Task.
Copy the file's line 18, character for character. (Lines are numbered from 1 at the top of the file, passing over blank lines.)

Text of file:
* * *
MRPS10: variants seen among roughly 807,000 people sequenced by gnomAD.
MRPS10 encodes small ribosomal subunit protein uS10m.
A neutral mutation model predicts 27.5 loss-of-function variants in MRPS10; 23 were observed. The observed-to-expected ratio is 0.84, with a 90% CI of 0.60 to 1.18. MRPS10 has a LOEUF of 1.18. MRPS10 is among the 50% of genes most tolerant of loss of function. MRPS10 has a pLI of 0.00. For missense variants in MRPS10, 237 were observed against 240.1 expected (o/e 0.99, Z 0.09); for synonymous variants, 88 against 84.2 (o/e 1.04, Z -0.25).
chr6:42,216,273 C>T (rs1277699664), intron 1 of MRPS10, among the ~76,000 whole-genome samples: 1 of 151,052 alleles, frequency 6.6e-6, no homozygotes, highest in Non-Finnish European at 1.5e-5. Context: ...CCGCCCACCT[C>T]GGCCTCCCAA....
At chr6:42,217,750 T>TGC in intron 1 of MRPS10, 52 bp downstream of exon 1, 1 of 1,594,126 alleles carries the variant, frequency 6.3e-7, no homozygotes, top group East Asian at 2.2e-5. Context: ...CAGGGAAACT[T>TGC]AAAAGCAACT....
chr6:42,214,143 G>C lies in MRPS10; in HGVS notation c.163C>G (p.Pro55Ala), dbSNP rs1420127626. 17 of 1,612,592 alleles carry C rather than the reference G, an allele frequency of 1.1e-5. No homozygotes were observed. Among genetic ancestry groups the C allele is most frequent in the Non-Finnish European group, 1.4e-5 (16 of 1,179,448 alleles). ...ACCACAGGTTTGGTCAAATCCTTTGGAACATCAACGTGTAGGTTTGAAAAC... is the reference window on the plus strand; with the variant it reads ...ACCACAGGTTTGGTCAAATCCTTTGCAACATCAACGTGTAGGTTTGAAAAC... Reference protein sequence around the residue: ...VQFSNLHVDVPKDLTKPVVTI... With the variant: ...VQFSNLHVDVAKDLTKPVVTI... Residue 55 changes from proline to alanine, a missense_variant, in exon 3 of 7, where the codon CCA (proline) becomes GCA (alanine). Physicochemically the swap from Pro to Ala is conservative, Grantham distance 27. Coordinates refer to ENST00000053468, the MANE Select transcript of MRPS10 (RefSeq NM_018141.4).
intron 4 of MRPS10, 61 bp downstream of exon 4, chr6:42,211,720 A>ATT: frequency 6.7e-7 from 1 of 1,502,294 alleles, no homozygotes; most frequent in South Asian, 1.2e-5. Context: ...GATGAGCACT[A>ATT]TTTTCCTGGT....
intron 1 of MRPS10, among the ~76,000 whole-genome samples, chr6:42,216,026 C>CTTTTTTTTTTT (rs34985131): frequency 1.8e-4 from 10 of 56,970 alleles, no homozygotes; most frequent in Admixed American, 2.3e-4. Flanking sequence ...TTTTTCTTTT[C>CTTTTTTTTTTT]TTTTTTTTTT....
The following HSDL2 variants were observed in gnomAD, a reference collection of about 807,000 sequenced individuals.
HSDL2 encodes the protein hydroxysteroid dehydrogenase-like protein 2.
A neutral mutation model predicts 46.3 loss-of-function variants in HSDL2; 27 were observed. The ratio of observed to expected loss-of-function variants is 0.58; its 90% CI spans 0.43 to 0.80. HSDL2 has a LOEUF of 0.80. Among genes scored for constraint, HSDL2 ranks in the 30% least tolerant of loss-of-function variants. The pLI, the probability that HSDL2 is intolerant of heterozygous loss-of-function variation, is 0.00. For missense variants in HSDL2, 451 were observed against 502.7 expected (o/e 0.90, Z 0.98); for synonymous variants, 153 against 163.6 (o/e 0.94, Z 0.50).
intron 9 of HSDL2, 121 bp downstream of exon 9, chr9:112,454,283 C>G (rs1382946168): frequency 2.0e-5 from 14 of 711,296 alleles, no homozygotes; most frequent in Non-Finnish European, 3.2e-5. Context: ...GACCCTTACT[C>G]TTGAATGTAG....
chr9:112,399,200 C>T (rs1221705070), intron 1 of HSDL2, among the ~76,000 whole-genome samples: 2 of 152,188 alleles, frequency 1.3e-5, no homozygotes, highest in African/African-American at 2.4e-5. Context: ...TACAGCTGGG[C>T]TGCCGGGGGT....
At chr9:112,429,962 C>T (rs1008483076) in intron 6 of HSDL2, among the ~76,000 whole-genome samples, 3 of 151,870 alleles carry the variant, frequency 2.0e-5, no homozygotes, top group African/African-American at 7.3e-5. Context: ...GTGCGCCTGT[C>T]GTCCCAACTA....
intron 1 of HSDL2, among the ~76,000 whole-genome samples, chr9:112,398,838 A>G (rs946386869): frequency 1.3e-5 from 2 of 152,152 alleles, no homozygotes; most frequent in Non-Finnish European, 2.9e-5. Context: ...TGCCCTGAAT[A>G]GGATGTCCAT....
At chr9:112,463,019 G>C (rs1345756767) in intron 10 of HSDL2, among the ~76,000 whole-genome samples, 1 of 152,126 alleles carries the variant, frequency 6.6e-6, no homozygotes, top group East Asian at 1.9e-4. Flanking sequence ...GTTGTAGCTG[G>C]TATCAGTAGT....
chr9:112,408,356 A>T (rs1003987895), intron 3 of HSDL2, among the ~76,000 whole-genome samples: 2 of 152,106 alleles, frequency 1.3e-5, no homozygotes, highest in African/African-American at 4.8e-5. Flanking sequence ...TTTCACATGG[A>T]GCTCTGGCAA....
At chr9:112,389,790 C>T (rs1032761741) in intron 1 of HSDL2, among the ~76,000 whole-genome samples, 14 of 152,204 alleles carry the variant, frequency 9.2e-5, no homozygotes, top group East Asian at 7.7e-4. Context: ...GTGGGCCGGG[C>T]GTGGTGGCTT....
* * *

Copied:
At chr9:112,389,790 C>T (rs1032761741) in intron 1 of HSDL2, among the ~76,000 whole-genome samples, 14 of 152,204 alleles carry the variant, frequency 9.2e-5, no homozygotes, top group East Asian at 7.7e-4. Context: ...GTGGGCCGGG[C>T]GTGGTGGCTT....